I received a free copy of this book from Netgalley in exchange for an honest review
Star Rating: ★★★✰✰
A murder-mystery where the main character (and suspect) is a murder-mystery writer, you say? Count me in!
Mystery writer Charlee Russo is having a fairly normal day, or so she thinks. A phone call to say her agent is dead rocks her world in more ways than she could have imagined. Because not only has her agent been murdered, but she’s been murdered in the exact way that Charlee describes in her latest manuscript. A manuscript that only a handful of people have read, all of whom are her friends and family, making everyone she cares about, including herself, a suspect.
Charlee is determined to clear her name and those of her friends. But the more she delves into her agent’s last few days, the more she has to come to terms with the fact that one of her friends is a murderer. But which one?
A Great Hook
Fiction Can Be Murder grabbed me before I’d even started reading. The premise of this book has everything I love: a writer, a murder, a bunch of suspects, and the promise of loads of twists and turns. And once I started reading, I wasn’t disappointed.
This book doesn’t mess about; it starts straight into the murder, which I love. I hate a story that faffs about at the beginning, waiting ages to get into the action.
You’re introduced to the majority of the characters (and therefore suspects) early on as well. Most of them are part of Charlee’s writing group, which she’s attending when she gets the phone call. There aren’t too many people to keep track of either, which was handy. I hate to admit it, but I do sometimes find it difficult to keep up when a whodunnit has 75 different suspects, all with different but equally plausible motives.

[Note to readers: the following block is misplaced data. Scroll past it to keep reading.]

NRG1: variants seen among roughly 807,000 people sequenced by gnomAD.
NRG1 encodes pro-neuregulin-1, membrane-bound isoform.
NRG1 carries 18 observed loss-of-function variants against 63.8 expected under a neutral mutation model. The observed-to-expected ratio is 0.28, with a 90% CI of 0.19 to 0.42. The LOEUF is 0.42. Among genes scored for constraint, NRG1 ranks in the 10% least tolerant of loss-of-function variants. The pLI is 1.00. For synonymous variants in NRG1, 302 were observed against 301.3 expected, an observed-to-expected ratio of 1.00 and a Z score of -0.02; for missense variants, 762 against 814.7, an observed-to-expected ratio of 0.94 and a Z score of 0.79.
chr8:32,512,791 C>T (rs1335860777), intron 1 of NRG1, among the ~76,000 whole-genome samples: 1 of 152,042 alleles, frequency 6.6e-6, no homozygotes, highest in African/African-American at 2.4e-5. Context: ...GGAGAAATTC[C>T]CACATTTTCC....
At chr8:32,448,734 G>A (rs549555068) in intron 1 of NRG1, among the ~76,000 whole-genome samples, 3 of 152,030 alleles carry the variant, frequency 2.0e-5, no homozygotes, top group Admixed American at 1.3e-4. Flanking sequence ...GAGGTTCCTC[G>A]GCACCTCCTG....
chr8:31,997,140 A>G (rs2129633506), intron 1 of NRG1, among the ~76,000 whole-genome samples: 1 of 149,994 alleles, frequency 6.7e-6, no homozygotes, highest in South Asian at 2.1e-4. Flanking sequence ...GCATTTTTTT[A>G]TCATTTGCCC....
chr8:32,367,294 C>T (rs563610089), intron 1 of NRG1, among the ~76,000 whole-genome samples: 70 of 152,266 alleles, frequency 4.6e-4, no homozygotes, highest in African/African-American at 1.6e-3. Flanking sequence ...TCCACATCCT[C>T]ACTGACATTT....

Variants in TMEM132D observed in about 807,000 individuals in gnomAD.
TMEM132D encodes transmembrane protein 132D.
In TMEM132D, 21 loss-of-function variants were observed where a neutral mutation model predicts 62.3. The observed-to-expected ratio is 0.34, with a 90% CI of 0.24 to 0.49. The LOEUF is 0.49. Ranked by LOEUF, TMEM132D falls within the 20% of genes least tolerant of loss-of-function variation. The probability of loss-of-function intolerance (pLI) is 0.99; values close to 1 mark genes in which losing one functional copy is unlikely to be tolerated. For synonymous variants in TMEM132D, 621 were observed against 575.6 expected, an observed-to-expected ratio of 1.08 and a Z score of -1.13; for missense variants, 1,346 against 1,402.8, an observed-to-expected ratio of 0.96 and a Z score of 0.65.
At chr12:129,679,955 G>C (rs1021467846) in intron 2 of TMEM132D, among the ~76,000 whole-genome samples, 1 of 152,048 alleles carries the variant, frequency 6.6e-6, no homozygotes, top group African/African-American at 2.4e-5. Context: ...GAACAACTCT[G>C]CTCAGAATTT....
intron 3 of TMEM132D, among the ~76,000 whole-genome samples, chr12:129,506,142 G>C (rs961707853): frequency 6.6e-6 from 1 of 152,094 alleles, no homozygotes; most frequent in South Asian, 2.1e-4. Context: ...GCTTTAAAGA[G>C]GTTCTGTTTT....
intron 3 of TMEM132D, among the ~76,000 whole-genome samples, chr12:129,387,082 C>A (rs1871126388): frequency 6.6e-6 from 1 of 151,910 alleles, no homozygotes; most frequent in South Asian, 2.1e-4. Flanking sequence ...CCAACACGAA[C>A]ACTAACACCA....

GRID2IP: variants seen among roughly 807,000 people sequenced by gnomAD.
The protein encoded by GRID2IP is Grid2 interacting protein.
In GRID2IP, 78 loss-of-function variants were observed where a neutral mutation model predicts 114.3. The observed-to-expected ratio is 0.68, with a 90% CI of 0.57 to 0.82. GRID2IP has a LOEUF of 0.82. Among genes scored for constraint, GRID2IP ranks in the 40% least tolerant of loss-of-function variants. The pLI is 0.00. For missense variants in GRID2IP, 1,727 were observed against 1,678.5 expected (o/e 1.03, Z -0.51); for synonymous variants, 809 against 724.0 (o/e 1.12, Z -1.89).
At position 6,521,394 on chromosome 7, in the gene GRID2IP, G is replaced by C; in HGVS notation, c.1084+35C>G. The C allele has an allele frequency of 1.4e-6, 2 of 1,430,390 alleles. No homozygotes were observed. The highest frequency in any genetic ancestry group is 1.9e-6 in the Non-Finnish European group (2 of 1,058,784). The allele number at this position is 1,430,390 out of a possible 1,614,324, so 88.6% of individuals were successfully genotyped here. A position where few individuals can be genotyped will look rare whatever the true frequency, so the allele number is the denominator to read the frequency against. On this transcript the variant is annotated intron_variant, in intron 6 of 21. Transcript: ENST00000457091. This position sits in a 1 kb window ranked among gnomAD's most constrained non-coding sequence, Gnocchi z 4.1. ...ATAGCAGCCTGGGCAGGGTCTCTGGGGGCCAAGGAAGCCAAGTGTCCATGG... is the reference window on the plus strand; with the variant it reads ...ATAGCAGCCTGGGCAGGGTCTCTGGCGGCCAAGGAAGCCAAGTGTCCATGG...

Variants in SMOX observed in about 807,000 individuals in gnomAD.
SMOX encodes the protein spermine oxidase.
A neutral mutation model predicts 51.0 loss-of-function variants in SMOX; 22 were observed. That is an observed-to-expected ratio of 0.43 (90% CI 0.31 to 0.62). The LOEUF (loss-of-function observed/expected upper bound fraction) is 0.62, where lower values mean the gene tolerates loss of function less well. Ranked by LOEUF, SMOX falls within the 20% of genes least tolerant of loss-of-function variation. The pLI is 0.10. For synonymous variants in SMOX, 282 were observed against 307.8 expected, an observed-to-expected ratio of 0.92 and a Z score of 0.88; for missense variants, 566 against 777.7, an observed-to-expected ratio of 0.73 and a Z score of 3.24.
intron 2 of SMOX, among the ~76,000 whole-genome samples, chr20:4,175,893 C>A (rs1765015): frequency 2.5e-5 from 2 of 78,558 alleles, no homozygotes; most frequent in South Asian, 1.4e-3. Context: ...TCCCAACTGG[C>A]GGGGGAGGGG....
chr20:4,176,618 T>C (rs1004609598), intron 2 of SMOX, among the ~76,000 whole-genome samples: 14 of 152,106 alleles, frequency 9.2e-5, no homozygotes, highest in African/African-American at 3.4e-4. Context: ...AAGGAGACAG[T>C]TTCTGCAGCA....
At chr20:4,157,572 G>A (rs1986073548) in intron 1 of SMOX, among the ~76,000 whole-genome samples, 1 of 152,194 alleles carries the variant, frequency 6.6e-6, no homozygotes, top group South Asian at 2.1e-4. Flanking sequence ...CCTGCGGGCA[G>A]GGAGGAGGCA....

Suspension of Disbelief
I did find myself shaking my head in disbelief a few times during the story. I thought it was a bit hard to believe that Charlee would be able to go around questioning everybody in the way that she does (she makes a list of all her suspects/friends and questions them each herself about there alibis and motives). Maybe it’s just me, but if I’m a suspect in a murder, I’d be doing my best to keep my head down and stay off the police’s radar.
I also found the ending a bit rushed. Everything is explained very quickly, and I’m still not 100% sure what happened to Charlee’s father (a memory that comes back to Charlee a few times throughout the book).
An Enjoyable Murder
But to be fair, the book is enjoyable enough that you don’t mind these small niggling things. The ending, while quick, is satisfying and makes sense in the wider context.
The book doesn’t take itself too seriously either, so it’s easy to like it. Considering it’s about a horrific murder, it’s quite fun and makes you laugh at parts. I’d recommend it for anyone looking for an entertaining read that isn’t too taxing but still keeps you guessing.
I’ve also heard rumours that it’s the first in a series, so I’m excited about the prospect of more Charlee Russo books.
Fiction Can Be Murder is available from Midnight Ink on 8th April 2018